April 1999 Issue 31
Accreditation for Conservators - What Do We Think?
At the end of October 1998, the United Kingdom Institute for Conservation invited its members to apply for Fast-Track Accreditation. The Institute for Paper Conservation is also planning to launch its own fast-track scheme this Spring. Both precede the Joint Accreditation Scheme (UKIC, IPC and Society of Archivists) which is currently in the consultation phase and due to be introduced in January 2000.
To stimulate interest and provide a forum for discussion, we invited Jane Henderson, a member of the UKIC Accreditation Working Group, and now a consultant to the Joint Accreditation Committee, to come and talk to us in early November. To a get an impression of the response of conservators here at the V&A, I talked to members of staff who were eligible for Fast Track about their views on accreditation. I also counted how many of those eligible intended to apply (out of 40 eligible 31 said 'yes'; 6 said 'no'; and 3 were undecided).
Almost everyone I interviewed acknowledged the benefits of accreditation. High on the list of immediate benefits was protecting the public by providing a mechanism for challenging wrong decisions or incompetent work. Positive outcomes in the longer term included raising the status and reputation of the profession and adding support in negotiations for higher pay.
Accreditation could also support us in other aspects of being a professional; for example, in taking an ethical stance which may conflict with other requirements and offering the possibility of applying for personal liability insurance. One conservator highlighted the soundness of the competence-based principles of the proposed schemes. 'This route demonstrates that you can do it, no matter how many degrees you have. It establishes our credentials and will lead to a unified profession.'
People felt that it was important that all conservators take part, both those in public institutions and private businesses. When asked about accreditation for V&A conservators, most believe that 'as employees of a national museum it is our duty to take part. Moreover, we have an obligation to help direct the process. We have the time and resources to do so (although we might have to fight for them!)' It is also a personal responsibility which has to do with an individual's career development.
From the point of view of other professionals working in conservation (for example scientists, but there are many others) who already have accredited (chartered) status, there are a number of issues. These include potential conflict of interest, the financial burden of paying for two schemes, and the competency of conservation bodies to judge other professions.
People also recognised that any scheme will have its problems. '…It is inevitable that people will be accredited who shouldn't be… In such a small profession it will be difficult to deal with those who do not come up to the expected level.' 'There will be a lot to learn from Fast-Track. For example, it is very difficult to come up with statements that can be related to all areas of conservation and there will be more work to do to make the criteria more focused.'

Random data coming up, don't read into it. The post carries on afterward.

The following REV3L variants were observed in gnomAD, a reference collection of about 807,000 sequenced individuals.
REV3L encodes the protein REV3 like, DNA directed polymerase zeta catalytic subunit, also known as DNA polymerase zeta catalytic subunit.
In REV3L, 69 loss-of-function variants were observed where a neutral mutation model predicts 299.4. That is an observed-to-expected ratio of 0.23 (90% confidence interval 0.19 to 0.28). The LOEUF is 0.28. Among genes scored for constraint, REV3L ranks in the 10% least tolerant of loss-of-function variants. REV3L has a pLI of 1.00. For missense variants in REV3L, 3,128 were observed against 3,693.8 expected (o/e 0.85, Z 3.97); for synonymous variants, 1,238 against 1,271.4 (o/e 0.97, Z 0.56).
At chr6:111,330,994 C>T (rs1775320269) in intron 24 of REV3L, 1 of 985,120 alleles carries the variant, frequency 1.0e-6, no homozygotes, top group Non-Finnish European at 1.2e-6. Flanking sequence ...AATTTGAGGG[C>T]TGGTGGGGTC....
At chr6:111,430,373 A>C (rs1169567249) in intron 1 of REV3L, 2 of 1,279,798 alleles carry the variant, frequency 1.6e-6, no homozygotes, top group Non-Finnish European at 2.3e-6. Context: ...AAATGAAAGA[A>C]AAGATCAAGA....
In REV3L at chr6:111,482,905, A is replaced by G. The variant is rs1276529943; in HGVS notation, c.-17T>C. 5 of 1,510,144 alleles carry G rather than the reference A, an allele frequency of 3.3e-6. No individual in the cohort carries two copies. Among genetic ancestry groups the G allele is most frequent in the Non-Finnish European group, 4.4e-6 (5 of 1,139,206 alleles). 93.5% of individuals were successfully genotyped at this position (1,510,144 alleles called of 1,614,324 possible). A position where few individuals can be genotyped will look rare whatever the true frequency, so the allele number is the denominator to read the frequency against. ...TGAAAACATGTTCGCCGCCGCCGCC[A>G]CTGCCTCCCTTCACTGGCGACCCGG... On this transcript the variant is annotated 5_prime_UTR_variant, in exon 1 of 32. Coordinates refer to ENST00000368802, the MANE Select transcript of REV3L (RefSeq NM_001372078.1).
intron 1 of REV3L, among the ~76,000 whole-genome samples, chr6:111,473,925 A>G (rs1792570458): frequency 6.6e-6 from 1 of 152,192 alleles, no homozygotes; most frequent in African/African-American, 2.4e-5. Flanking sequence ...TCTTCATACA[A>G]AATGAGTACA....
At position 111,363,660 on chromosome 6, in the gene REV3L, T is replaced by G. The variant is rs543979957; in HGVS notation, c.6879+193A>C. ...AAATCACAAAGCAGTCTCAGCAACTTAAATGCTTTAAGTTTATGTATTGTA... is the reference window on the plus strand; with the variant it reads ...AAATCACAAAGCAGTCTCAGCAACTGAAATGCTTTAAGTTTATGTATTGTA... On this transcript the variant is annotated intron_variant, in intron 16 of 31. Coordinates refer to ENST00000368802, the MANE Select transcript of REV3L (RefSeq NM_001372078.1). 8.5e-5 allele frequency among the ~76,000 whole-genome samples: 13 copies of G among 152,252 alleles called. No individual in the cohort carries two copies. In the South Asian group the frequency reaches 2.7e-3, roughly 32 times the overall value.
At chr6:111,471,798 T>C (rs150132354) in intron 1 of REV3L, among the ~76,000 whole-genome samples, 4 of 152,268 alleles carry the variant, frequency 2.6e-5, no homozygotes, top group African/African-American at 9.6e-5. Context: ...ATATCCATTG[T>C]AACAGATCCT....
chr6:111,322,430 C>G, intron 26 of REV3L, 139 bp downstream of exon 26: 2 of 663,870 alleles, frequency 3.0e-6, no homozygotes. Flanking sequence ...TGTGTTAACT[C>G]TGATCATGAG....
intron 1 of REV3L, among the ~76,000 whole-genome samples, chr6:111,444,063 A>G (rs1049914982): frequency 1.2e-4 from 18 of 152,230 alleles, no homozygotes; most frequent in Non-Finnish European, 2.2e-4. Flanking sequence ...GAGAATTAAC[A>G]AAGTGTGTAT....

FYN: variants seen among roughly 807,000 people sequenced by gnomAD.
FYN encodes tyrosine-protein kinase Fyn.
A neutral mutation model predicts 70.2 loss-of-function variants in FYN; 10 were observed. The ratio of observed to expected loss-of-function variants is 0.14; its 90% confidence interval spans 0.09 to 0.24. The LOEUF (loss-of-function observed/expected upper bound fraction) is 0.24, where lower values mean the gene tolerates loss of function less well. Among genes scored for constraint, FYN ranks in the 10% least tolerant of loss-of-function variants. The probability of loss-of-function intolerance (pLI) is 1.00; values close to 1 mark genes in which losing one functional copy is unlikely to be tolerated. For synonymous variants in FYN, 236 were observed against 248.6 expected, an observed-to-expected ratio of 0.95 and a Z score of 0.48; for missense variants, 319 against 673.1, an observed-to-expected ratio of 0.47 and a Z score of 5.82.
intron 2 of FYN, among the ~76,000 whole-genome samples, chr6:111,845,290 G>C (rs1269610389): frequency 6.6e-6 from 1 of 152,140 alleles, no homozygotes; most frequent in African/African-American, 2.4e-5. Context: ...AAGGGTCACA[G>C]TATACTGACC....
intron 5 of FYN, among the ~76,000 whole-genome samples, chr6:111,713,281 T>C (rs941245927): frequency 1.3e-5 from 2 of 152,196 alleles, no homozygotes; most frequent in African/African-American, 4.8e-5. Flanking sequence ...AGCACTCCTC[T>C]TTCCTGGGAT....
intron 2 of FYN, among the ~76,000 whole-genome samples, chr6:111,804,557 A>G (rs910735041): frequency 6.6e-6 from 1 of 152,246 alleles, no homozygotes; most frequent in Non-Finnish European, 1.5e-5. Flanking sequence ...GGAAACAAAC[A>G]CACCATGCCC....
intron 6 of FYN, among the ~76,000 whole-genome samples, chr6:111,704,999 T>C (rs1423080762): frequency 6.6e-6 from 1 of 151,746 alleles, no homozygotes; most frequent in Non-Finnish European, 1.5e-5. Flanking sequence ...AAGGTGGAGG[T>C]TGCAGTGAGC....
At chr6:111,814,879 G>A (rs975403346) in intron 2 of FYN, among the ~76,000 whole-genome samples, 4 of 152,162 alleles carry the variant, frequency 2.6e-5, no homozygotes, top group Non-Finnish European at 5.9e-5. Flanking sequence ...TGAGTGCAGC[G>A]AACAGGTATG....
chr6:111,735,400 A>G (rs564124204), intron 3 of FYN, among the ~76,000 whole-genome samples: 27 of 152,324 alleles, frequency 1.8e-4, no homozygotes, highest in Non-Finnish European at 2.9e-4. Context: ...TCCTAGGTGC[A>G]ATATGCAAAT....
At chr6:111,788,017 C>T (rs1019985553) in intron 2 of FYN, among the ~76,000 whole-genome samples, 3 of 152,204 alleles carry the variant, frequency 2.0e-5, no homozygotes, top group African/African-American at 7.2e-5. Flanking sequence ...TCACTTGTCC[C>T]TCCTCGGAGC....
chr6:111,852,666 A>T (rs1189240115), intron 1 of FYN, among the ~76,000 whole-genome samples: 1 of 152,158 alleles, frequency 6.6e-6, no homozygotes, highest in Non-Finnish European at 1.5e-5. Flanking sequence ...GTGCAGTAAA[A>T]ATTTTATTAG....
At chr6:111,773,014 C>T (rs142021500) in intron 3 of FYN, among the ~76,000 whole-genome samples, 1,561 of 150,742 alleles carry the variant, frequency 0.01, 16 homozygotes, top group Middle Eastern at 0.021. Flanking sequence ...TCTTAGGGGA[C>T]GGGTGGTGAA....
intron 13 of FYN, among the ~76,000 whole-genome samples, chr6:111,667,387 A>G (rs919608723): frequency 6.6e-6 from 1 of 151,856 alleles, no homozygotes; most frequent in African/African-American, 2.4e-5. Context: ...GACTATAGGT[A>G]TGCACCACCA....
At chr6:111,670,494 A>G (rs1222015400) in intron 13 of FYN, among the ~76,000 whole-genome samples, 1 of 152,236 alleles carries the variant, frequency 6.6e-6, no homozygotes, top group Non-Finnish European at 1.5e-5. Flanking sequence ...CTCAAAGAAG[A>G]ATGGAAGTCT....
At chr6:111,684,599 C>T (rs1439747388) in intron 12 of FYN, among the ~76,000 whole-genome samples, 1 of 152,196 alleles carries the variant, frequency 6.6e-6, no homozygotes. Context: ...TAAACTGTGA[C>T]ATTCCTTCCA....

Some expressed their concerns. These fell into two main areas: the response of the Museum as a corporate body, and the future of accreditation once Fast-Track is completed.
While Jonathan Ashley-Smith, the Head of Conservation, has given his personal approval and resources have been made available for staff to act as sponsors, the V&A does not, as yet, have a policy on accreditation. Many felt it was important for the Museum to make its position clear as soon as possible for a number of reasons. Firstly, as the Conservation Department of a national museum, we are in the spotlight. 'How can we make statements like "we are at the cutting edge of conservation" or "we are a centre of excellence" if we can't back it up with something concrete?'
Secondly, there is a danger of establishing a two-tiered system if, once accreditation is established, the Museum employs contract or permanent staff who are not accredited. Lastly, for a full-blown accreditation scheme to work 'the Museum must offer more than vague support. The process of accreditation must be built into the management/staff appraisal system…There needs to be a pro-active approach to preparing for accreditation.'
Other concerns centred on the future and specifically on the projected costs for candidates. While nobody is happy at having to pay £200 for Fast-Track - one conservator felt that the Museum should pay as a gesture of support - most feel that it is a sacrifice that must be made. Some younger conservators already feel that even current charges for Fast-Track would be prohibitive. If we assume that most senior conservators will have gone for Fast-Track, that will leave mostly younger people, employed at the lower end of the financial scale, to apply for accreditation.
How will they afford the costs of accreditation which are currently being projected at around £600, when they may already have substantial debts incurred by primary training and internships? There is a real danger that the system will exclude the people who need it most. If this happens who will carry the scheme forward into the future?
April 1999 Issue 31
- Editorial - Accreditation
- Accreditation for Conservators - What Do We Think?
- The Art of the Sikh Kingdoms
- The Arts of the Sikh Kingdoms - The Conservation Co-ordinator's View
- The Indian Vase Carpet Fragment: Decisions and Discussions Prior to Conservation
- Should a Conservation Treatment Reveal the Secret of Damascus Steel?
- Ranjit Singh: The Lion of the Punjab
- Science Surgery
- The Function of a 'Fetish' Figure
- The Artificial Patination of Bronze Sculpture
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